On Outliers

I recently finished reading Outliers – The Story of Success – by Malcolm Gladwell.

The main premise of the book, as outlined by Malcom is: “In Outliers, I want to convince you that these kinds of personal explanations of success don’t work. People don’t rise from nothing. We do owe something to parentage and patronage. The people who stand before kings may look like they did it all by themselves. But in fact they are invariably the beneficiaries of hidden advantages and extraordinary opportunities and cultural legacies that allow them to learn and work hard and make sense of the world in ways others cannot. It makes a difference where and when we grew up. The culture we belong to and the legacies passed down by our forebears shape the patterns of our achievement in ways we cannot begin to imagine. It’s not enough to ask what successful people are like, in other words. It is mainly by asking where they dire from that we can unravel the logic behind who succeeds and who doesn’t.”

Below are key excerpts from the book that I found particularly insightful:

1- “Wolf and Bruhn had to convince the medical establishment to think about health and heart attacks in an entirely new way: they had to get them to realize that they wouldn’t be able to understand why someone was healthy if all they did was think about an individual’s personal choices or actions in isolation. They had to look beyond the individual. They had to understand the culture he or she was a part of, and who their friends and families were, and what town their families came from. They had to appreciate the idea that the values of the world we inhabit and the people we surround ourselves with have a profound effect on who we are. In Outliers I want to do for our understanding of success what Stewart Wolf did for our understanding of health.”

2- “Their research suggests that once a musician has enough ability to get into a top music school, the thing that distinguishes one performer from another is how hard he or she works. That’s it. And what’s more, the people at the very top don’t work just harder or even much harder than everyone else. They work much, much harder.”

3- “We pretend that success is exclusively a matter of individual merit. But there’s nothing in any of the histories we’ve looked at so far to suggest things are that simple. These are stories, instead, about people who were given a special opportunity to work really hard and seized it, and who happened to come of age at a time when that extraordinary effort was rewarded by the rest of society. Their success was not just of their own making. It was a product of the world in which they grew up.”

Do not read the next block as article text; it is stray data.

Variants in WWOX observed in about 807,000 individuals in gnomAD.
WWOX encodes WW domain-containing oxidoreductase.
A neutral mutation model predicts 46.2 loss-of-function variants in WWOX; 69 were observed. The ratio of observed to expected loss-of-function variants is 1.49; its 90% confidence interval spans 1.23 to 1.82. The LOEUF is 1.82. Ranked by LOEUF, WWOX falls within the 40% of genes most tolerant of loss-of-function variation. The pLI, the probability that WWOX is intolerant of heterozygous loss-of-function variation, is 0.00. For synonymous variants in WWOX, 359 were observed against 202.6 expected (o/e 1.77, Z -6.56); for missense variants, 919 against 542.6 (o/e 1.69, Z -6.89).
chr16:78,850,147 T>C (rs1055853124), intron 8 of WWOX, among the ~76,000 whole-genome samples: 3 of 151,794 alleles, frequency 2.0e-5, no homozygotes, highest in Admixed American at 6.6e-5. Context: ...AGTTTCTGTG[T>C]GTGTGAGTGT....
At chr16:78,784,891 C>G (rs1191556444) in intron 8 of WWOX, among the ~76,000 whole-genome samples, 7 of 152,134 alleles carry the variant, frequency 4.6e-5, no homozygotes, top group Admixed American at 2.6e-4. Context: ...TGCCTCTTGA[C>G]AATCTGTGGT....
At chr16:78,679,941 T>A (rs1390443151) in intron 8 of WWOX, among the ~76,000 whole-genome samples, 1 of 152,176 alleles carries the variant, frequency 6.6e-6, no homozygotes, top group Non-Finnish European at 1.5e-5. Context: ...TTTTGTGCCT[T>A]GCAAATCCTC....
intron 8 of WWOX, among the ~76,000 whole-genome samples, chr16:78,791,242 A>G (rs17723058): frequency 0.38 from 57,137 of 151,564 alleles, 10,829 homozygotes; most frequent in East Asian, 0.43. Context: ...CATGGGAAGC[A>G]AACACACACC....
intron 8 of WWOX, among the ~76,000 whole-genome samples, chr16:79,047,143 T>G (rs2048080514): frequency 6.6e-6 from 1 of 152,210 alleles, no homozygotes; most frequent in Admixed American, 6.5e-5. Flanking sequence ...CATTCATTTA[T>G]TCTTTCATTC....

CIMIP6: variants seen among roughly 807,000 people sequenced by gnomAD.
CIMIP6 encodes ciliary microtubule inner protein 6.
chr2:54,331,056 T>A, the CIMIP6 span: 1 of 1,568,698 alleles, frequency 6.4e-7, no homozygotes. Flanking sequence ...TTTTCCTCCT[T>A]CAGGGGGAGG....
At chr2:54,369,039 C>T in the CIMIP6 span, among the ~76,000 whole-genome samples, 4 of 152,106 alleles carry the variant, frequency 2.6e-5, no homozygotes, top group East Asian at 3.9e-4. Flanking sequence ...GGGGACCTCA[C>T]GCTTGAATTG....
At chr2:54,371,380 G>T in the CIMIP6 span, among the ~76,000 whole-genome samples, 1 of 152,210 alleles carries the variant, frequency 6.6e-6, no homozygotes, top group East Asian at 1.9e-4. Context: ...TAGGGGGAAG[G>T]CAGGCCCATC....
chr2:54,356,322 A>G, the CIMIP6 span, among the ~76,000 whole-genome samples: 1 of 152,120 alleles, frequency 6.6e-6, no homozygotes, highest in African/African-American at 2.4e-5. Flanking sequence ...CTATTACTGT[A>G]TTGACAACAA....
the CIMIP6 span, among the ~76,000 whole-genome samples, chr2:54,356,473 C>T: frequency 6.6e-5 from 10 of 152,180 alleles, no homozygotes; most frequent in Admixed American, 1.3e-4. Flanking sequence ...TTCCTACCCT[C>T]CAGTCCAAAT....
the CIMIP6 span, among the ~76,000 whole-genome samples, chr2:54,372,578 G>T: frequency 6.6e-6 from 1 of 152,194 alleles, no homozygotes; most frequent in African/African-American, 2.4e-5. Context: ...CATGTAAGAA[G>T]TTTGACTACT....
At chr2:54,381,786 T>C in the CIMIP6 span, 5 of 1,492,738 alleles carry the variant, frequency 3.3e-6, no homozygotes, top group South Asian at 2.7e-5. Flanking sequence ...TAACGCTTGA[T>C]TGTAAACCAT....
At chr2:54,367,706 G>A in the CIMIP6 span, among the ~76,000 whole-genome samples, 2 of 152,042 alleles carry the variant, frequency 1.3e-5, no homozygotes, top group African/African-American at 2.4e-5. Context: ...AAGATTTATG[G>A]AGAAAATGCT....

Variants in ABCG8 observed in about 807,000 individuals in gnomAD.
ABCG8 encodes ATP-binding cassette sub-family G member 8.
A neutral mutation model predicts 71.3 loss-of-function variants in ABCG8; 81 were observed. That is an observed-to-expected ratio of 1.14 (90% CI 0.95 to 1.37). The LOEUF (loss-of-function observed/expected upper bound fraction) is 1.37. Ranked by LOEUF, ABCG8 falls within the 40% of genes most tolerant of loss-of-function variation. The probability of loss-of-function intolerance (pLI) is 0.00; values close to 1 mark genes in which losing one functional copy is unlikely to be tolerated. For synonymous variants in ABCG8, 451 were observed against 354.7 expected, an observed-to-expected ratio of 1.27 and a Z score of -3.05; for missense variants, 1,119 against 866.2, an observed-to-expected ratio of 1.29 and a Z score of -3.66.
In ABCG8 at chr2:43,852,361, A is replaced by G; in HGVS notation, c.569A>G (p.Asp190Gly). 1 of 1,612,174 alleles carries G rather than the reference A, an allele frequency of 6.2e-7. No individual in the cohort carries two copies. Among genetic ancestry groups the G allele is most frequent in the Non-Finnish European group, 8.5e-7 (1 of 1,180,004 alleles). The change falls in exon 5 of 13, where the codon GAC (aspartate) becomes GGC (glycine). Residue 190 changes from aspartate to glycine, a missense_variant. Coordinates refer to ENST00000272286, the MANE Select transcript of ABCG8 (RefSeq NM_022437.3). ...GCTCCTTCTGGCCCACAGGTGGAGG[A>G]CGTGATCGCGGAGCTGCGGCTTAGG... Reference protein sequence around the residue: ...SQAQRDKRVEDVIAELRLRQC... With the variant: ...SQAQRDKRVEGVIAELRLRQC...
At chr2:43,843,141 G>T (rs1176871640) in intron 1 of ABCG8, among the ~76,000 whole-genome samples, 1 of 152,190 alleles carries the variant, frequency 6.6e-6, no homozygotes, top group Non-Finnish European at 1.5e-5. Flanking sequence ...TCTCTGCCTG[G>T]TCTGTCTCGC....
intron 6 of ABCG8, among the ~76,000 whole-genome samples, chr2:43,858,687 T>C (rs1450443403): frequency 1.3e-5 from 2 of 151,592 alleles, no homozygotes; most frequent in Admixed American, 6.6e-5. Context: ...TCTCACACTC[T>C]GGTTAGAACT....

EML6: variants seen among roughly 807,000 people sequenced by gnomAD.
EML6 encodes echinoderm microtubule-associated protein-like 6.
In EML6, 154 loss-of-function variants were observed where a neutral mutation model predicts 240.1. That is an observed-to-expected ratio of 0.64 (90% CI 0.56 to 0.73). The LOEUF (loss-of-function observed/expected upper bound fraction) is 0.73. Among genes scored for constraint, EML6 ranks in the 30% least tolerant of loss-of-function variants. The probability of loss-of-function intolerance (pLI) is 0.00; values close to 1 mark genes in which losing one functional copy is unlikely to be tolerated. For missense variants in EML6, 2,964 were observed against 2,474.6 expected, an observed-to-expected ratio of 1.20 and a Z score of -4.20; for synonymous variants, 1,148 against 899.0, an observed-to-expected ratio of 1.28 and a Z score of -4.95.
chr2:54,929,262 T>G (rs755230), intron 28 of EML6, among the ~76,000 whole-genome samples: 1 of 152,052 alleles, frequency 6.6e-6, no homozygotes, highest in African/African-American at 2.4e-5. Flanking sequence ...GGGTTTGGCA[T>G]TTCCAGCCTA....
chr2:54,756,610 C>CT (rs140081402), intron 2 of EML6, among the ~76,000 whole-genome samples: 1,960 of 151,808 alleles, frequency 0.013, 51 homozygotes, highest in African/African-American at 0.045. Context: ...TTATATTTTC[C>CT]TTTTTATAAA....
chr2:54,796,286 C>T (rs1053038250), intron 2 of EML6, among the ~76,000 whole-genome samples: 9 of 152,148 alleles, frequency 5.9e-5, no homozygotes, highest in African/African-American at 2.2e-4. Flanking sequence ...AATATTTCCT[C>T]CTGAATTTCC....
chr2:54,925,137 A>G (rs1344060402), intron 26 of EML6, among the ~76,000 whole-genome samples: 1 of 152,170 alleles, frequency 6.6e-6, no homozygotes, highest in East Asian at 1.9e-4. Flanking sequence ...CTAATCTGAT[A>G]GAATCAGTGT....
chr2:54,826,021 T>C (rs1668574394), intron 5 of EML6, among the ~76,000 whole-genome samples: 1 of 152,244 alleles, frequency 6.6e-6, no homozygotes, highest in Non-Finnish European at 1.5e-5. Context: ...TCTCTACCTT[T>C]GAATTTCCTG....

4- “The relationship between success and IQ works only up to a point. Once someone has reached an IQ of somewhere around 120, having additional IQ points doesn’t seem to translate into any measurable real-world advantage.”

5- “Those three things—autonomy, complexity, and a connection between effort and reward—are, most people agree, the three qualities that work has to have if it is to be satisfying…Work that fulfills those three criteria is meaningful.”

6- “So far in Outliers we’ve seen that success arises out of the steady accumulation of advantages: when and where you are born, what your parents did tor a living, and what the circumstances of your upbringing were all make a significant difference in how well you do in the world. The question for the second part of Outliers is whether the traditions and attitudes we inherit from our forebears can play the same role. Can we learn something about why people succeed and how to make people better at what they do by taking cultural legacies seriously? 1 think we can.”

7- “Each of us has his or her own distinct personality. But overlaid on top of that are tendencies and assumptions and reflexes handed down to us by the history of the community we grew up in, and those differences are extraordinarily specific.”

8- “The lesson here is very simple. But it is striking how ten it is overlooked. We are so caught in the myths ot the best and the brightest and the self-made that we think outliers spring naturally from the earth. We look at the young Bill Gates and marvel that our world allowed that thirteen-year-old to become a fabulously successful entrepreneur. But that’s the wrong lesson. Our world only allowed one thirteen-year-old unlimited access to a timesharing terminal in 1968. If a million teenagers had been given the same opportunity, how many more Microsofts would we have today? To build a better world we need to replace the patchwork of lucky breaks and arbitrary advantages that today determine success—the fortunate birth dates and the happy accidents of history—with a society that provides opportunities for all.”

9- “Superstar lawyers and math whizzes and software entrepreneurs appear at first blush to lie outside ordinary experience. But they don’t. They are products of history and community, of opportunity and legacy. Their success is not exceptional or mysterious. It is grounded in a web of advantages and inheritances, some deserved, some not, some earned, some just plain lucky—but all critical to making them who they are. The outlier, in the end, is not an outlier at all.”

Regards,

Omar Halabieh

Outliers

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